If there is normally no problem leaving plants purchased for Christmas in their wrapping for 4 or 5 days, that’s not the case with the popular Christmas plant known as the poinsettia (Euphorbia pulcherrima), often offered as a hostess gift during the holiday season. This plant produces ethylene, a toxic gas, and begins to poison itself in as little as 16 hours if there is no or little air circulation, especially at warm temperatures (over 60˚ F/16˚ C).

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Bracts and leaves can be damaged if left wrapped too long. Source: http://www.hydro-orchids.com

The main symptom of ethylene damage is wilting. When you remove the wrapping, the bracts and leaves look wilted even though the potting mix seems reasonably moist. Soon bracts and leaves start to fall off and the plant, although it is not yet dead, is no longer very presentable.  

If you plan to offer a poinsettia as a gift, either buy it the same day you plan to give it or, if you have to buy it in advance, unwrap it immediately when you get home, then rewrap it just before you leave.

Naming a Mystery Plant

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Pots of rooted sansevieria leaf cuttings as found in so many garden centres… but what is this plant’s real name? Source: http://www.florastore.com

You’ve certainly seen this plant around. In fact, it seems to be in every garden center these days. What you’ll see is a pot of short, tubular, pointed dark green leaves with lighter transverse bands and a shallow groove down the middle on one side, only about 6 to 8 inches (15 to 20 cm) tall, popping out of a pot. The leaves are usually densely clustered together, although sometimes placed so as to form a fan. And the pot isn’t always labeled … and even when it is, it’s almost never labeled correctly.

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The cylindrical snake plant (S. cylindrica) is a close relative, but has thicker, paler green leaves with numerous narrow channels running lengthwise. Those channels are absent from Sansevieria bacularis. Source: plantzy.com

What you’re seeing are leaf cuttings of a snake plant called Sansevieria bacularis, a close relative of the similar, but much thicker-leafed cylindrical snake plant (S. cylindrica). In fact, I personally confused the two when I first saw S. bacularis cuttings for the first time. I really did take them for some sort of miniature S. cylindrica.

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A mature specimen of S. bacularis looks nothing like S. cylindrica… but you can see why you might want to call it the rod-leaf snake plant! Source: Ha Keat Lim, http://www.llifle.com

Since bacularis is from the Latin word baculum for rod or staff, this new plant could be called the rod-leaf snake plant.

The rod-leaf snake plant is being sold under such trade names as S. Mikado, S. Mikado Fernwood*, S. Fernwood Mikado*, S. Musica (or Musika), even spaghetti sansevieria. And it’s often being offered as belonging to one of two different Sansevieria species: S. cylindrica and S. sulcata (now S. caniculata). However, my sources (listed at the end of the article) insist that the plant in question is instead S. bacularis. If you place S. cylindrica and S. bacularis side by side, you’ll easily see the differences.

At a Glance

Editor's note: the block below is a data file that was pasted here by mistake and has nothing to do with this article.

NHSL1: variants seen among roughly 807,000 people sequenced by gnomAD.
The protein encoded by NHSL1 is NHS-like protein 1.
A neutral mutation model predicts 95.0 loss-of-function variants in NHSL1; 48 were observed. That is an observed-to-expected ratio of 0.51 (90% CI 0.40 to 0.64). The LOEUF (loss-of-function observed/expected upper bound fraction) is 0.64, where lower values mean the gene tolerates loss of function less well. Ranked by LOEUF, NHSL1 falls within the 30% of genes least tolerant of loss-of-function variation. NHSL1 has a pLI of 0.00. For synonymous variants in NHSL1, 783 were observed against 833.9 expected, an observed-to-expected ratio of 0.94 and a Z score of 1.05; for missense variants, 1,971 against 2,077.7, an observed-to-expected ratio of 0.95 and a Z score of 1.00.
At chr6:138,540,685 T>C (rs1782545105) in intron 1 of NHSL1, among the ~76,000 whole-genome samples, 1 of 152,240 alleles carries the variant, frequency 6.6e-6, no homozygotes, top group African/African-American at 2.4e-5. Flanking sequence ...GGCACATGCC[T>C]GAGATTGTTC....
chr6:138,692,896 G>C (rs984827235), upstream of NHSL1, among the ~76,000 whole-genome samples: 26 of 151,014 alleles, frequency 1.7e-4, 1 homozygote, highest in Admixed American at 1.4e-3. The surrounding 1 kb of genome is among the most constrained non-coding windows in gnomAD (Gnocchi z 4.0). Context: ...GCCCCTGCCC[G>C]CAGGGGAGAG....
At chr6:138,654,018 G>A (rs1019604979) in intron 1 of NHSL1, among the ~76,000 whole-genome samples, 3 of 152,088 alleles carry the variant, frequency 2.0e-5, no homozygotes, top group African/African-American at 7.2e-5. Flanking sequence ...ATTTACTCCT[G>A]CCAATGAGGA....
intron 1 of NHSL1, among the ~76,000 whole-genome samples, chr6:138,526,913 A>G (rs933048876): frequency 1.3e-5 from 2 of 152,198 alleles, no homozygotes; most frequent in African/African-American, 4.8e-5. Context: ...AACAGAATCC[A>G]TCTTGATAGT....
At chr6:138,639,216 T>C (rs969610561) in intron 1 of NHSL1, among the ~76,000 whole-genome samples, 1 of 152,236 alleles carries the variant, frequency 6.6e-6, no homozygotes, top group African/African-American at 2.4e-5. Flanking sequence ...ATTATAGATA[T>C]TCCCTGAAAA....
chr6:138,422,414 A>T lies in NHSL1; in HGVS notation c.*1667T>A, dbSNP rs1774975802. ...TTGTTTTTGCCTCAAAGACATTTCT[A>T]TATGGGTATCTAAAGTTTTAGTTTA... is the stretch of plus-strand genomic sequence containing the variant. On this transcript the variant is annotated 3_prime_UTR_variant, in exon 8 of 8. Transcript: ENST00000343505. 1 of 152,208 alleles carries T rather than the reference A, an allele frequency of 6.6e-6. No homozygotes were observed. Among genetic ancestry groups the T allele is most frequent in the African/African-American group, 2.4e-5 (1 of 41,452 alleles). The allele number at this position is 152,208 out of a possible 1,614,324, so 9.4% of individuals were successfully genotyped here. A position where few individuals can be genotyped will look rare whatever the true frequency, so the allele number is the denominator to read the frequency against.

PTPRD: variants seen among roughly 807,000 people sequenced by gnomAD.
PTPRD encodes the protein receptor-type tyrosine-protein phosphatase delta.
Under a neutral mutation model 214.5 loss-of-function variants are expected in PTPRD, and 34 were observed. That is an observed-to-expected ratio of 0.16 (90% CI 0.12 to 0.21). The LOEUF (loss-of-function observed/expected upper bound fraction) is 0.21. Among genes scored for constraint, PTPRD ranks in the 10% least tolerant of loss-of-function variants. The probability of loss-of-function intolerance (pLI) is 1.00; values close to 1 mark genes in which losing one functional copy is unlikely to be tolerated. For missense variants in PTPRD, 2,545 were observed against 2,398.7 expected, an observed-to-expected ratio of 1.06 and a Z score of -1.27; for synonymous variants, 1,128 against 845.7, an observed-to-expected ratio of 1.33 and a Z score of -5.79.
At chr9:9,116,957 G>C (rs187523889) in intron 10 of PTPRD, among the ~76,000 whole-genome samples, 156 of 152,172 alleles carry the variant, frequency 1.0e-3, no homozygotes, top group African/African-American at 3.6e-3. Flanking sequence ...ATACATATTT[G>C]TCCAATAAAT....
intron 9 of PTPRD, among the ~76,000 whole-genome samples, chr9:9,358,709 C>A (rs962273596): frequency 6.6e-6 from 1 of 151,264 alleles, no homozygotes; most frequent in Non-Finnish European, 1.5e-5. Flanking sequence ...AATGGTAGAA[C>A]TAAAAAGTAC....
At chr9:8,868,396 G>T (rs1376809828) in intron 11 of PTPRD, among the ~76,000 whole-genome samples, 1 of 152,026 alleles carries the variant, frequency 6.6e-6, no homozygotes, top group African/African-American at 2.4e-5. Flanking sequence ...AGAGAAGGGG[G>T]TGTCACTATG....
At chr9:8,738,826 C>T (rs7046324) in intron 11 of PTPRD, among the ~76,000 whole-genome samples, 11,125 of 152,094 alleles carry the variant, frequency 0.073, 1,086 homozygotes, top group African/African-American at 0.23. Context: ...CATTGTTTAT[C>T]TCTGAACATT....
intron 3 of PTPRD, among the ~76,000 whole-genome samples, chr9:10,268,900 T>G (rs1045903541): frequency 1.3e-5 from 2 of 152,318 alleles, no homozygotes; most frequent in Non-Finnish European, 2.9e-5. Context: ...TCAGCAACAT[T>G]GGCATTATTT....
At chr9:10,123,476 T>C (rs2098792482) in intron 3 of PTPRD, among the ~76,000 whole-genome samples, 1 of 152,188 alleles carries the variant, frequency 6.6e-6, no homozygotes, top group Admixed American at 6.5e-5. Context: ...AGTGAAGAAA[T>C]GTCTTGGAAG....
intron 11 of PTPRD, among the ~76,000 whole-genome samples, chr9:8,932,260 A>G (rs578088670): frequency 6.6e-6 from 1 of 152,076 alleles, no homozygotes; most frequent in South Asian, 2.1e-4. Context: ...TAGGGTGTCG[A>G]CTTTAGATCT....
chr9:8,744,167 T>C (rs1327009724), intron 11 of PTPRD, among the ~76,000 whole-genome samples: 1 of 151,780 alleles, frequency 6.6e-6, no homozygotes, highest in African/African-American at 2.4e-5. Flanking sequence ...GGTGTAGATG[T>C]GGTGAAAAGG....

The “plant” I usually see is in fact simply a pot of rooted leaf cuttings and will eventually produce offsets leading to very different-looking plant with much taller leaves. Indeed, the rod-leaf snake plant can eventually attain 4 feet to 6 feet (1.2 m to 1.8 m) in height … after many, many years.

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The purple leaf sheaths show that these sprouting leaves belong to Sansevieria bacularis, not S. cylindrica. Source: laidbackgardener.blog

In many stores, you’ll find pots that haven’t sold and are transitioning from cuttings into actual plants. You can be sure the plants are S. bacularis by the purple leaf sheaths at the base, something you don’t see on other sansevierias.

Each specimen of the rod-leaf snake plant bears only one or (rarely) two very upright leaves surrounded by five to six short purplish basal sheaths. At maturity, the plant will even bloom, with stalks of purple-lined white flowers shorter than the leaf, if given bright enough light.

S. bacularis is a recent introduction: the Central African native was only officially described in 2010, but seems to have gained popularity very rapidly.

Confusing Nomenclature

I’ve been trying find out if the cultivar names Mikado or Musica are legitimate (i.e. if they are special selections of S. bacularis) or if they are just commercial names for the plain species, but with no luck. If anyone has more information on the history behind this plant and its multiple names, please let me know. I’ll gladly update this article to include any accurate information.

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The arching, clustered leaves show this plant to be Sansevieria ‘Fernwood’, not S. bacularis. Source: laidbackgardener.blog

*Then comes the confusing situation of sansevieria plants labeled Fernwood Mikado or Mikado Fernwood. There is a real S. ‘Fernwood’ (S. parva x S. suffruticosa), developed by the late hybridizer Rogers Weld of Fernwood Nursery in California, but it’s is a very different plant, with narrow leaves that are arching rather than straight and upright and flattened at the base rather than cylindrical, plus each plant produces several leaves, not just one or two. You could mistake a pot of ‘Fernwood’ leaf cuttings for S. bacularis, but certainly not an established plant.